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I have solved the problem by partitioning the table.

The table is partitioned into 40 pieces on column text. Then creating index on the table takes about 1 hours to complete.

It seems that MySQL index creation becomes very slow when the table size becomes very big. And partitioning reduces the table into smaller trunks.

share|improve this answer
add comment

Set the sort_buffer_size to 4GB (or however much you can depending on how much memory you have).

Right now the create index is doing a sort but since you have a 32MB sort_buffer_size, it is basically thrashing the hard drive needlessly.

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These posts are pretty much directly disagreeing with you: xaprb.com/blog/2010/05/09/how-to-tune-mysqls-sort_buffer_size and better ronaldbradford.com/blog/… It sounds like that's not a global value, it's per-query, so that's 4GB per query you're recommending. Also, when it exceeds 256K it gets mem-mapped to disk rather than being actual in-memory memory. If you keep it small it requires multiple passes, but it avoids disk (it doesn't swap). –  Ry4an Jul 19 '10 at 14:11
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If you do not need to make queries like:

SELECT page_id FROM text_page WHERE text LIKE '?%';

I would suggest creating a new hash column and index the table by the column. The overal size of the table + index might be much smaller.

UPD: By the way, 1.4 billion primary key integers occupy about 6 GB, that is the average length of the string is less than 30 characters, that is indexing on a prefix might be more preferable.

You should also take a look at MERGE storage engine.

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One way to do this is to create a new table with the index set and copy the data to the new table.

Also, make sure you have enough temp space.

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I have tried this approach. After 10 hours less than 1% data has been copied over to the new table. –  SiLent SoNG May 10 '10 at 17:08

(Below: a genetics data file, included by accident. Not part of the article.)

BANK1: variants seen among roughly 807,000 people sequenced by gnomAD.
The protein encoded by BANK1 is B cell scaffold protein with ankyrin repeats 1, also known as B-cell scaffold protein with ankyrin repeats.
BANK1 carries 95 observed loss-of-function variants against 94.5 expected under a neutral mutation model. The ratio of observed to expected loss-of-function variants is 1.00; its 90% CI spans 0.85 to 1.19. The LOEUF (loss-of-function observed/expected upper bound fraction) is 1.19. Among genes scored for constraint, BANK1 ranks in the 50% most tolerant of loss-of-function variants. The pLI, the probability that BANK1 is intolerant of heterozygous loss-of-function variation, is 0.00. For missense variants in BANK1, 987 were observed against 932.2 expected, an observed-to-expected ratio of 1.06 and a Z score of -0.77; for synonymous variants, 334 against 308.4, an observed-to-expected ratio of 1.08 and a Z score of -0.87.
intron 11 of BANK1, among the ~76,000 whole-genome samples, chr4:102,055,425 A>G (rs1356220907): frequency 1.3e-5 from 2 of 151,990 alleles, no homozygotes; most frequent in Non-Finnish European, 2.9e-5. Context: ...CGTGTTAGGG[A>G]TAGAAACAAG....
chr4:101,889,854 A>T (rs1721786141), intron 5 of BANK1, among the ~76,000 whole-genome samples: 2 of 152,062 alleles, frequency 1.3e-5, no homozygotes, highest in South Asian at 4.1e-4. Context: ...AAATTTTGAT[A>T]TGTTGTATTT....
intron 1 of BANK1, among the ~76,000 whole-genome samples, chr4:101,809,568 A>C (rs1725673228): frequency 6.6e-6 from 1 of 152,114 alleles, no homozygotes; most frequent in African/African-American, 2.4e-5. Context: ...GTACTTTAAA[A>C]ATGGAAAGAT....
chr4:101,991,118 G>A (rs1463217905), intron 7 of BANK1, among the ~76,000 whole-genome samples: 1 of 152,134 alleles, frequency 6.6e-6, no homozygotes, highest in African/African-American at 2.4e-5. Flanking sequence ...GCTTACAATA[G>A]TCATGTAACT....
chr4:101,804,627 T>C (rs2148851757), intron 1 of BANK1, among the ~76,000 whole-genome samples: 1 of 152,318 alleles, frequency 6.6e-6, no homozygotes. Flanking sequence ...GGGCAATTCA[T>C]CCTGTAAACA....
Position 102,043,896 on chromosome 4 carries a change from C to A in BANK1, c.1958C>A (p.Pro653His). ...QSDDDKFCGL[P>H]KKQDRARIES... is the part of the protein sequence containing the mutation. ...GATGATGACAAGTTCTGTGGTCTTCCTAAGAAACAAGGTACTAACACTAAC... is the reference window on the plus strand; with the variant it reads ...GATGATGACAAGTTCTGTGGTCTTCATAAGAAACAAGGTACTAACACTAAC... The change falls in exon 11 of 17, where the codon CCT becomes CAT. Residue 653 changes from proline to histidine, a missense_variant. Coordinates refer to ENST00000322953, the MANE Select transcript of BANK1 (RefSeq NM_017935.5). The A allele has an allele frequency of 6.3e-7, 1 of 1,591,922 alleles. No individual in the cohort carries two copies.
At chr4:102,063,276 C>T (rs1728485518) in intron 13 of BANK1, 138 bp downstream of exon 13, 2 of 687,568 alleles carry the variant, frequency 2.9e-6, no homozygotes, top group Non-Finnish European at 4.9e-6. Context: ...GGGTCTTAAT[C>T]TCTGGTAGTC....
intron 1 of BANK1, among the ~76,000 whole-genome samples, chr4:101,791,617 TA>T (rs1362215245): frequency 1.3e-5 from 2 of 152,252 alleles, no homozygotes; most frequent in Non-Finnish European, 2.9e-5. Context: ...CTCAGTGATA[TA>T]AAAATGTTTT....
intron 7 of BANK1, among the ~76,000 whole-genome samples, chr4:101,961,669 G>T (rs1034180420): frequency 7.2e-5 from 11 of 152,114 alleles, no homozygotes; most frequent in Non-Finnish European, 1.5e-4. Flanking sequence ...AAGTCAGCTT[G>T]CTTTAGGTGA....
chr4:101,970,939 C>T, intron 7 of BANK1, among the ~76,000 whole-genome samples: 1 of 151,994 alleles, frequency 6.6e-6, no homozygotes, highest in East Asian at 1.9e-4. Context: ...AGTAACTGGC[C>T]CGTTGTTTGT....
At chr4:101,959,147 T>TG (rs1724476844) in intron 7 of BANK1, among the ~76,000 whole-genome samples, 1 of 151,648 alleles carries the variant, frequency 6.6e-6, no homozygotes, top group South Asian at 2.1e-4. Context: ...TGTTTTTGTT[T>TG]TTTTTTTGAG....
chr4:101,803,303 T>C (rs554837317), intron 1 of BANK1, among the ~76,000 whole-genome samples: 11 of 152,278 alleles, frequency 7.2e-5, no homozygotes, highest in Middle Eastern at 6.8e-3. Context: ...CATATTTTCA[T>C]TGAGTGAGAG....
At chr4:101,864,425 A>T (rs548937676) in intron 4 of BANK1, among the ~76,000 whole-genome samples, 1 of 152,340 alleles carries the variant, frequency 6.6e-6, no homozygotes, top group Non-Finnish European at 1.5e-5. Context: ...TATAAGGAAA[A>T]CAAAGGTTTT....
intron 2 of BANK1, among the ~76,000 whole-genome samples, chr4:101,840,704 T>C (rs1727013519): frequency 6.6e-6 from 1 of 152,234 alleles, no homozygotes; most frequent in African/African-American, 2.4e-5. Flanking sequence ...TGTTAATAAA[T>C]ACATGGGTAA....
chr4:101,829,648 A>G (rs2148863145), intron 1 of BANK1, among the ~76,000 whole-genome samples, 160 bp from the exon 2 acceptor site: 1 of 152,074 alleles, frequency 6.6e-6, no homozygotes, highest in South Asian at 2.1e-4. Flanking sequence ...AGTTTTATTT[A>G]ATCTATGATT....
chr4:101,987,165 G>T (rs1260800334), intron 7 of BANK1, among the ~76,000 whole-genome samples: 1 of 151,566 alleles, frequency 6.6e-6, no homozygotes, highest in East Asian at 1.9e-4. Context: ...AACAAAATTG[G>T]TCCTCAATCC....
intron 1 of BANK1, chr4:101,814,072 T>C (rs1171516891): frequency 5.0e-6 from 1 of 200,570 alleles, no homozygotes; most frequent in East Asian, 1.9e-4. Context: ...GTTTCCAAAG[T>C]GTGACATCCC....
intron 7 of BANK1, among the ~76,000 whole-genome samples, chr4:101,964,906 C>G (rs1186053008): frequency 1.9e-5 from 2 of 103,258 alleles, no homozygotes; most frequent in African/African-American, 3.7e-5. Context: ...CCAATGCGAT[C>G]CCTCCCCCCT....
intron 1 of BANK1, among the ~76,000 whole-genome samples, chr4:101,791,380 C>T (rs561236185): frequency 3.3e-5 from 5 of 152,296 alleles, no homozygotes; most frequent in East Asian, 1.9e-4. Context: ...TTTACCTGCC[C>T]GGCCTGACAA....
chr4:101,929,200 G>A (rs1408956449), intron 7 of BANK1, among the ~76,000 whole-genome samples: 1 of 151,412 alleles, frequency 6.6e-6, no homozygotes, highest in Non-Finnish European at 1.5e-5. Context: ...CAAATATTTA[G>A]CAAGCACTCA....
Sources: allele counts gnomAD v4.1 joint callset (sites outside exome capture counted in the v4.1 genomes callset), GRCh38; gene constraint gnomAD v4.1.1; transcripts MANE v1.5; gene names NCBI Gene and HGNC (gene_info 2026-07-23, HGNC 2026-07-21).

1  
Dude... it's 1.4 BILLION records. Not million, BILLION. That's a lot. It's gonna take a while regardless. –  Bryan Ross May 10 '10 at 17:09
    
If you do choose to do this method break the copy into smaller chunks. Say about 100 to 200 million for each copy. –  decompiled May 10 '10 at 17:16
1  
@decompiled,breaking it into smaller chunks won't do anything (actually, it might make it less efficient). @Bryan, Even with 1.4 billion records, it shouldn't take 1,000 hours. –  tster May 10 '10 at 17:35
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In case you're still wondering how to do this best, I would suggest you to use an online alter table tool.

There are lot of them on the internet, one of the famous ones are: - Percona online schema change (I use this one) http://www.percona.com/doc/percona-toolkit/2.2/pt-online-schema-change.html - Facebook OSC, I couldn't find an URL where you could download it

We have the same issues with big tables (more then 500mil records) and the altering goes perfect. It creates a new tmp table, adds trigger on the original table (for the new update/delete/insert records) and in the mean time it copies all the records to the new table (with the new structure)

Good luck!